News > The case for votes at 16 – no room for plausible deniability

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  • 31st July 2015 - 12:22 GMT
Participative democracy and civil dialogue, Post 2015 Agenda

The case for votes at 16 – no room for plausible deniability

At the June 2015 Annual General Meeting of the Scottish Youth Parliament (SYP), former Scottish First Minister and current MP Alex Salmond was invited to speak to MSYPs. In his speech, among other things, he made a very convincing point about the Votes at 16 debate. It was over.

Several months earlier, on Thursday 18 September, when 75% of 16 and 17 year olds in Scotland went to the polling stations to cast their vote on their nation’s future, every counter argument against Votes at 16 had seemingly fallen apart.

No argument
The claim that 16 and 17 year olds are not engaged enough in politics has been proven wrong, the claim that 16 and 17 year olds cannot make informed choices on politics has been proven wrong, the claim that 16 and 17 year olds will not bother to turn out and vote has been proven wrong.

Critics of Votes at16 have been proven wrong.

And yet, they continue to oppose. And how? Denial. It’s not that they simply plead ignorance of the example of the Scottish Independence Referendum. Rather, they just ignore it. When SNP MPs raise the point again and again, no counter claim can be given. The question is merely avoided.

Adding up the electoral math in the UK debate
The upcoming UK Referendum on the EU already seems to be mirroring the Scottish Referendum in many ways. It asks a very fundamental question about what a nation is, how a nation should be governed and what a nation aspires to be. The people will answer these questions – and again, emotions will run high.

In 2014, 16 and 17 year olds were deemed mature enough to answer them. Yet somehow, 16 and 17 year olds are not deemed mature enough to answer them in 2016/2017. As Alex Salmond stated in his speech to the Scottish Youth Parliament last month; a Scottish person who had just turned 16 in 2014 would have been allowed to vote in the referendum, while not being allowed to vote in the General Election of 2015 by which time they would be 17. Similarly, following the official lowering of the voting age in Scotland, a 16 year old will be allowed the vote in the Holyrood elections of 2016, and will not be able to vote in the EU Referendum, which may take place that same year.

It is, essentially, electoral hokey-cokey; in-out-in-out-shake it all about. Is this really how seriously such important questions of suffrage are taken?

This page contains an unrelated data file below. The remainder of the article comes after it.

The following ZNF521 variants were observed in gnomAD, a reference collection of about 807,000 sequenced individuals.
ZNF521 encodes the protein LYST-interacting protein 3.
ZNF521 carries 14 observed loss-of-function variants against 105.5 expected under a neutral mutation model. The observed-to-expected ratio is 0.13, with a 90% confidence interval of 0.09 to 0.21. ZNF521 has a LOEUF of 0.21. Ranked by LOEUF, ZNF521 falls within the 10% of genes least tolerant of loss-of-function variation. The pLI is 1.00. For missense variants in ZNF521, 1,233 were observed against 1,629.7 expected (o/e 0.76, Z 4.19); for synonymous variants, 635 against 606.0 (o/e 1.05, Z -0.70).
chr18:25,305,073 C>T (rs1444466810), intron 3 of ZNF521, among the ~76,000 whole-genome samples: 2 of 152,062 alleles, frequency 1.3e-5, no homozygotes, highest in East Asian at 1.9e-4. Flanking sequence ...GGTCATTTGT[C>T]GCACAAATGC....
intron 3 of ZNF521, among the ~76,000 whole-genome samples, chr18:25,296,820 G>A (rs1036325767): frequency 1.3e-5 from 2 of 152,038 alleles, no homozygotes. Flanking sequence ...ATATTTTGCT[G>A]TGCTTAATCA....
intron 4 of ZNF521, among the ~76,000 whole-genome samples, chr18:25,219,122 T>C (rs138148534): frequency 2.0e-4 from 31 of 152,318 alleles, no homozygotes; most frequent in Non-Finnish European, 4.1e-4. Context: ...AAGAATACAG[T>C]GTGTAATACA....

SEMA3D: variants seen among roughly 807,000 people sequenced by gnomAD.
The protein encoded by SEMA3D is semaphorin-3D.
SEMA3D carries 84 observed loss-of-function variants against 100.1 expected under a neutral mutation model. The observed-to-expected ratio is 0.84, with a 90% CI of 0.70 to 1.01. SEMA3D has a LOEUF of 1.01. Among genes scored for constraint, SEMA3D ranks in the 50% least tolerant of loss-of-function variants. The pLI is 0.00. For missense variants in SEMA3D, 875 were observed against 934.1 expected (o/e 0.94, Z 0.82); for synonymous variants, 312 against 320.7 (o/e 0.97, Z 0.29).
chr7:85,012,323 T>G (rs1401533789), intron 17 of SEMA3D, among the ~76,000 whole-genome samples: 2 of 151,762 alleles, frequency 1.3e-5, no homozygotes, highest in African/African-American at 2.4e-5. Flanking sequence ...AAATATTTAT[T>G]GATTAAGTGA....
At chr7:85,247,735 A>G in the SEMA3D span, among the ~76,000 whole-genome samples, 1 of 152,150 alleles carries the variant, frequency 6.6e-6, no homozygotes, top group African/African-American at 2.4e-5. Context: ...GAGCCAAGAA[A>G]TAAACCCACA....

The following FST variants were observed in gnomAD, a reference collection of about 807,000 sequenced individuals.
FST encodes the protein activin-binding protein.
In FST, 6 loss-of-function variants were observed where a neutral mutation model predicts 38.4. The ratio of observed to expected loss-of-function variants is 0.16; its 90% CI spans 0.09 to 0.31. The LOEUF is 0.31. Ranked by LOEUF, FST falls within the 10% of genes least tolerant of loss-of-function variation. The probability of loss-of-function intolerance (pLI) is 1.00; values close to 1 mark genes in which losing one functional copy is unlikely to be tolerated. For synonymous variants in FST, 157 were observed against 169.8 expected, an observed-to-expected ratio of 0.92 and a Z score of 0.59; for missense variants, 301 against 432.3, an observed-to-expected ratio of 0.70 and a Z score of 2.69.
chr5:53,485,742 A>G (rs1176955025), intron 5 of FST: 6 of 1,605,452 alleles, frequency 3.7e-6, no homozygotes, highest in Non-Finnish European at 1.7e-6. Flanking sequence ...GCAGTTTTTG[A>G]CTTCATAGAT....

Let’s engage our youth
Now these arguments are not merely ‘British’ or ‘Scottish’ arguments that should affect only British and Scottish politics; they are universal arguments. In Austria, Votes at 16 is already a reality; in Malta Votes at 16 is a reality in local elections. The European Youth Forum and National Youth Councils all over Europe are calling for the same thing.

If 16 and 17 year olds can vote in large swathes in Scotland, they can do so in France, they can do so in Denmark, they can do so in Greece (where a vote was recently held on, perhaps, one of the most important matters in Greek history – shouldn’t 16 and 17 year olds have been a part of that?). With the House of Lords set to fight tooth and nail for Votes at 16 in the EU Referendum, it looks likely that it might just become a reality.

We should be working with our young people, to engage them as much as possible in our society. The European Union is well positioned to play a global role in leading such progress. And, if 16 and 17 year olds are allowed to vote on the future of the European Union; they should also be allowed to vote on who enters its parliament.

Behind South America, Europe has the most countries opting for Votes at 16. This is also a global challenge. We should strive for a future in which our youth have a voice. It is their future too. Many youth councils take part around the world in which engaged youth speak eloquently and passionately about their hopes and desires for our global future. One aspect of the European Year for Development is about fostering a direct involvement in global challenges –what better way than to encourage greater youth participation in our societal decision making?

At the end of the day, the debate around Votes at 16 is over, the opponents have lost, it is time that they accept the truth, accept defeat gracefully and help make the way for Votes at 16 in the UK, in the EU, and eventually, in every democratic nation.


The Young European Federalists – JEF aims at bringing Europe closer to the Citizens and the Citizens closer to Europe. Participation is of utter importance to become a full part of society and JEF believes that this means lowering the voting age to the school leaving age when people can begin working. See more on JEF’s demands here.


Find out more about the European Movement Members’ EYD blog here.

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